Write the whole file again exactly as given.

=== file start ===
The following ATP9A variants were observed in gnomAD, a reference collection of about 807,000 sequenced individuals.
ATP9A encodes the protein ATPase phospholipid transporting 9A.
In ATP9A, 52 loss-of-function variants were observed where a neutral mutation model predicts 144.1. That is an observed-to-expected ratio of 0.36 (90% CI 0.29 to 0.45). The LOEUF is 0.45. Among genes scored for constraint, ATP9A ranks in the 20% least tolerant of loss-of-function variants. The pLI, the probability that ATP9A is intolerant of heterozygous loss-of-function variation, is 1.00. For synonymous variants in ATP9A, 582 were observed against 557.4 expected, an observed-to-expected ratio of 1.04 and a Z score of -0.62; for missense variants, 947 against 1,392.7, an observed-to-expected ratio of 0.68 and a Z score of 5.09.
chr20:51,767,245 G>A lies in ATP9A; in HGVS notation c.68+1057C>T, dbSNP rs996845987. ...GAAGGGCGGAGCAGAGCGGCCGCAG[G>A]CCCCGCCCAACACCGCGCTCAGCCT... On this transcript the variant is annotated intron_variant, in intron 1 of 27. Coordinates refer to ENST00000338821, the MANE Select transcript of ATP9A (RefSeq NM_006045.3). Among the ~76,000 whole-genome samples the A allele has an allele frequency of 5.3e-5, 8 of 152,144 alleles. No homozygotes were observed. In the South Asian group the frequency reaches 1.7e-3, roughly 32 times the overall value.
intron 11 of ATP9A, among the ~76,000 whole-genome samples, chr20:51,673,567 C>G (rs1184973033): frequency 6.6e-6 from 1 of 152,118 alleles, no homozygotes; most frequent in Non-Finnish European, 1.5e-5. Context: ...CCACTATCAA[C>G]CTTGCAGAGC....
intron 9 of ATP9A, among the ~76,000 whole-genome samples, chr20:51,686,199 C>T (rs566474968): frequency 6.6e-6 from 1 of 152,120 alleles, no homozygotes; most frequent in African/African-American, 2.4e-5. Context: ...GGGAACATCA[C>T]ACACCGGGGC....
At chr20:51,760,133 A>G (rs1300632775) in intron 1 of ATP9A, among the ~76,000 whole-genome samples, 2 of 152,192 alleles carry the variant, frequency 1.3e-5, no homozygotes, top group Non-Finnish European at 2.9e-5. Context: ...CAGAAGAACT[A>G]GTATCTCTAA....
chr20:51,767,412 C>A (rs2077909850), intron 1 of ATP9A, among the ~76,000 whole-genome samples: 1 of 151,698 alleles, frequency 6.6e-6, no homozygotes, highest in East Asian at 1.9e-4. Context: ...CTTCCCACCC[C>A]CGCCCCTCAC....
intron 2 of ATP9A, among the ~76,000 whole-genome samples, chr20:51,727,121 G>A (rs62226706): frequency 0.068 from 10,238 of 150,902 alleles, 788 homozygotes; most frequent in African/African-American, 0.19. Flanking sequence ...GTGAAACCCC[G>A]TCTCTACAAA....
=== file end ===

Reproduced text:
The following ATP9A variants were observed in gnomAD, a reference collection of about 807,000 sequenced individuals.
ATP9A encodes the protein ATPase phospholipid transporting 9A.
In ATP9A, 52 loss-of-function variants were observed where a neutral mutation model predicts 144.1. That is an observed-to-expected ratio of 0.36 (90% CI 0.29 to 0.45). The LOEUF is 0.45. Among genes scored for constraint, ATP9A ranks in the 20% least tolerant of loss-of-function variants. The pLI, the probability that ATP9A is intolerant of heterozygous loss-of-function variation, is 1.00. For synonymous variants in ATP9A, 582 were observed against 557.4 expected, an observed-to-expected ratio of 1.04 and a Z score of -0.62; for missense variants, 947 against 1,392.7, an observed-to-expected ratio of 0.68 and a Z score of 5.09.
chr20:51,767,245 G>A lies in ATP9A; in HGVS notation c.68+1057C>T, dbSNP rs996845987. ...GAAGGGCGGAGCAGAGCGGCCGCAG[G>A]CCCCGCCCAACACCGCGCTCAGCCT... On this transcript the variant is annotated intron_variant, in intron 1 of 27. Coordinates refer to ENST00000338821, the MANE Select transcript of ATP9A (RefSeq NM_006045.3). Among the ~76,000 whole-genome samples the A allele has an allele frequency of 5.3e-5, 8 of 152,144 alleles. No homozygotes were observed. In the South Asian group the frequency reaches 1.7e-3, roughly 32 times the overall value.
intron 11 of ATP9A, among the ~76,000 whole-genome samples, chr20:51,673,567 C>G (rs1184973033): frequency 6.6e-6 from 1 of 152,118 alleles, no homozygotes; most frequent in Non-Finnish European, 1.5e-5. Context: ...CCACTATCAA[C>G]CTTGCAGAGC....
intron 9 of ATP9A, among the ~76,000 whole-genome samples, chr20:51,686,199 C>T (rs566474968): frequency 6.6e-6 from 1 of 152,120 alleles, no homozygotes; most frequent in African/African-American, 2.4e-5. Context: ...GGGAACATCA[C>T]ACACCGGGGC....
At chr20:51,760,133 A>G (rs1300632775) in intron 1 of ATP9A, among the ~76,000 whole-genome samples, 2 of 152,192 alleles carry the variant, frequency 1.3e-5, no homozygotes, top group Non-Finnish European at 2.9e-5. Context: ...CAGAAGAACT[A>G]GTATCTCTAA....
chr20:51,767,412 C>A (rs2077909850), intron 1 of ATP9A, among the ~76,000 whole-genome samples: 1 of 151,698 alleles, frequency 6.6e-6, no homozygotes, highest in East Asian at 1.9e-4. Context: ...CTTCCCACCC[C>A]CGCCCCTCAC....
intron 2 of ATP9A, among the ~76,000 whole-genome samples, chr20:51,727,121 G>A (rs62226706): frequency 0.068 from 10,238 of 150,902 alleles, 788 homozygotes; most frequent in African/African-American, 0.19. Flanking sequence ...GTGAAACCCC[G>A]TCTCTACAAA....